Why Are the Tomato Leaves Yellow?

In the vegetable garden, some of lower leaves on the tomato plants have turned yellow. Why?

To answer that question, I researched and observed.

Research indicates the possible causes, in roughly descending order of frequency:

  • too little water
  • too much water
  • too much scorching sunlight and extreme heat
  • too little sunlight
  • pests
  • soil too acidic (PH)
  • soil too basic (PH)
  • weird chemicals in the soil

And don’t forget:

  • leaves yellow with old age
  • leaves yellow when it turns cold

Well, everything’s clear now. Not.

My observations:

  • The day I found yellow leaves on all three tomato plants, the dirt was dry down to about an inch. One time, one day, the day after they got soaked from a thunderstorm, I figured I didn’t need to water.
  • They’ve gotten regular water (not quite enough to run out the drainage holes in the bottoms of the containers every day for weeks. But some more leaves are yellow now.
  • This week it rained a lot, but the yellow leaves started before this week. The dirt is soaking wet but there’s no standing water because the drainage holes work.
  • This week it was cloudy a lot with highs in the 70’s.
  • The weather so far this season has been mild, maybe up to the mid 80’s.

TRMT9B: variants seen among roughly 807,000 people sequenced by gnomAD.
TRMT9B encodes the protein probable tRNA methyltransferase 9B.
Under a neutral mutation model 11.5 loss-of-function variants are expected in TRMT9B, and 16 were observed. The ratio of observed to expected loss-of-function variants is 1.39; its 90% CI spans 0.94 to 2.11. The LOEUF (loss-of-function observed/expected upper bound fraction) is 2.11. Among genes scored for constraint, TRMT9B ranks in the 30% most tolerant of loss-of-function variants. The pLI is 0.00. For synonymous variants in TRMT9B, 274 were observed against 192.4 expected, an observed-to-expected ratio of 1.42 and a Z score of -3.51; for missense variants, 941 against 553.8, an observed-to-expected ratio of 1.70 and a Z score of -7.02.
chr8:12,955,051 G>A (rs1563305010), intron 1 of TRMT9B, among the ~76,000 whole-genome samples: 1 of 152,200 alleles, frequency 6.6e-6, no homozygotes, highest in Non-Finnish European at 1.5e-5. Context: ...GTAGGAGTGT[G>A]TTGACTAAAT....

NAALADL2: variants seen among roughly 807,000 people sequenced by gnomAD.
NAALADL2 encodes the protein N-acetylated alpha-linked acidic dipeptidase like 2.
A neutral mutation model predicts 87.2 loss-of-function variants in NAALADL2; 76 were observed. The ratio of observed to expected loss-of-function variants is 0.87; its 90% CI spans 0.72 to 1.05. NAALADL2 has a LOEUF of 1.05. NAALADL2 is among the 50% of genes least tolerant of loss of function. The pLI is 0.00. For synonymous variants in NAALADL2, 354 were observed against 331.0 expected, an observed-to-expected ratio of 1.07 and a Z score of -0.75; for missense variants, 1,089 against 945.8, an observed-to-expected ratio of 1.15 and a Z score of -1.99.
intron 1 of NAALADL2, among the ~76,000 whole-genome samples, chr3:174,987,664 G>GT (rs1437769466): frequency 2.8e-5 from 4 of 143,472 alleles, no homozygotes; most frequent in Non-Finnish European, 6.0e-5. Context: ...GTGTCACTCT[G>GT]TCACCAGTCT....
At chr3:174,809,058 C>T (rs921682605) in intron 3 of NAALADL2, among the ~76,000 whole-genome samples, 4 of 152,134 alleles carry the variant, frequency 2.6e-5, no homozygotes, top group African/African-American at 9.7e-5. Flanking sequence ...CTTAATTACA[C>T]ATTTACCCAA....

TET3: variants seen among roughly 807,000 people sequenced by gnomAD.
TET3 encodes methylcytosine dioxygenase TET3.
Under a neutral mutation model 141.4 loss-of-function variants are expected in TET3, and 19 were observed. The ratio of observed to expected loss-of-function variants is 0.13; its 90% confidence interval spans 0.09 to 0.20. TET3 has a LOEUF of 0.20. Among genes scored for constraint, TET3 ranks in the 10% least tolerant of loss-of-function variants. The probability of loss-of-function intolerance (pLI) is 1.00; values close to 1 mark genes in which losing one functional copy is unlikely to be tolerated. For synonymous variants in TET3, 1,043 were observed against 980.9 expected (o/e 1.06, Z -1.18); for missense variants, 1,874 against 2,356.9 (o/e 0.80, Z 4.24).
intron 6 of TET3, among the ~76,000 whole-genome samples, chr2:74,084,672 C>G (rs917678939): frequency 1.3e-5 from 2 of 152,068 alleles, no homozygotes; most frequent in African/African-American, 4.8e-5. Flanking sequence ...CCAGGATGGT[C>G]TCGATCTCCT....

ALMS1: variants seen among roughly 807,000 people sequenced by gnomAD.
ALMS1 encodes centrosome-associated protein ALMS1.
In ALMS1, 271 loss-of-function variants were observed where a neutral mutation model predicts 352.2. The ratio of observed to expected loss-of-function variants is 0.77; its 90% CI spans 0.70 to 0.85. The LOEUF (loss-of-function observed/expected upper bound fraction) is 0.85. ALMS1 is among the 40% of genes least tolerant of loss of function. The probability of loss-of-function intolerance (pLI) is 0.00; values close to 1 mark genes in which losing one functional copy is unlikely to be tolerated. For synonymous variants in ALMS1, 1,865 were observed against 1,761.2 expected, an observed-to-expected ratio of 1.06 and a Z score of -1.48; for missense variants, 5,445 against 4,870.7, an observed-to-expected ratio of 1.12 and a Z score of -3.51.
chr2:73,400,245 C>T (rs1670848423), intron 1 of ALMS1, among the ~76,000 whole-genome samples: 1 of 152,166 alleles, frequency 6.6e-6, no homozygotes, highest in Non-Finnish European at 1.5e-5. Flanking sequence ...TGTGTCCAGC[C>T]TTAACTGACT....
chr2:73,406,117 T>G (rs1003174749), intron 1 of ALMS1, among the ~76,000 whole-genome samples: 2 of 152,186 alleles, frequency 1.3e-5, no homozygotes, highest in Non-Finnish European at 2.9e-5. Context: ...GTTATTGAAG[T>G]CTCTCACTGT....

• The plants get about 9-10 hours of direct sunlight, which is optimal for growing vegetables.
  • I can’t see any bad bugs. I found two (harmless) spiders, one ladybug, and one ant. I assume the ant had a friend out of sight (cause when is there ever see just one ant?) I saw bumblebees and some sweatbees pollinating. None of the leaves look chewed or have holes. The plants are literally surrounded by anti-pest companion plants of radishes and marigolds.
  • It’s good potting soil, a store bought, PH neutral, compost with a little slow-release fertilizer.
  • There are more yellow leaves now than two weeks ago, but it’s still only a few.

It’s all becoming clear now. Not.

Most of the tomato leaves look very healthy, and they’re growing well.  They’re staked, and the tallest ones are at the four foot mark.  Lots of tomatoes have set on, lots are big for cherry tomatoes (though still green), and there are lots more blossoms. The yellow leaves are at the bottom of the plants, so they are the oldest and maybe getting the least light. Tomatoes put out smallish scattered leaves, so I just don’t see how the top ones would block enough light to matter. I snipped enough leaf lettuce for a salad, and pulled a few of the largest radishes I’ve ever grown. The beets are struggling to get their leaves into the sunlight below the squash and eggplants, so probably I won’t get any beets. The crookneck squash and eggplants have blossoms, and are much taller than the beets.  They aren’t as tall as the tomatoes (which is par since they grow a little slower.)

Action Plan:

  • Continue as I am because I don’t know what to do differently.
  • If you’ve eaten something today that you didn’t hunt, gather, or harvest yourself, then thank a farmer. The only thing clear here is that farming is tricky.
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